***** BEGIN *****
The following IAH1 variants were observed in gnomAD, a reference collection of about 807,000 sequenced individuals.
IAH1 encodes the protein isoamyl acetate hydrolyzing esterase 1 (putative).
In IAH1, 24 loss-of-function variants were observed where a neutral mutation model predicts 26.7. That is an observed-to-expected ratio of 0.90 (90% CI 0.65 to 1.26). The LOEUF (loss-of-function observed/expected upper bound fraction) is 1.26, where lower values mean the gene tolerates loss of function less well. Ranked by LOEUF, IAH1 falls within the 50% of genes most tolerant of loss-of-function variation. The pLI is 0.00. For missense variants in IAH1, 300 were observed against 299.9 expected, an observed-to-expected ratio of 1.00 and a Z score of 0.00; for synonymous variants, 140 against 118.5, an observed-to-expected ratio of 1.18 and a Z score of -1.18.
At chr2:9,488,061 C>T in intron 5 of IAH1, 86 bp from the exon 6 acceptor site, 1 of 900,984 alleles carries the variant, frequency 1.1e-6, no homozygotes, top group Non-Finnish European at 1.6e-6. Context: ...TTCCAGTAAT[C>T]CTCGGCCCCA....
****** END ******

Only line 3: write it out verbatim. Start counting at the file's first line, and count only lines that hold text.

In IAH1, 24 loss-of-function variants were observed where a neutral mutation model predicts 26.7. That is an observed-to-expected ratio of 0.90 (90% CI 0.65 to 1.26). The LOEUF (loss-of-function observed/expected upper bound fraction) is 1.26, where lower values mean the gene tolerates loss of function less well. Ranked by LOEUF, IAH1 falls within the 50% of genes most tolerant of loss-of-function variation. The pLI is 0.00. For missense variants in IAH1, 300 were observed against 299.9 expected, an observed-to-expected ratio of 1.00 and a Z score of 0.00; for synonymous variants, 140 against 118.5, an observed-to-expected ratio of 1.18 and a Z score of -1.18.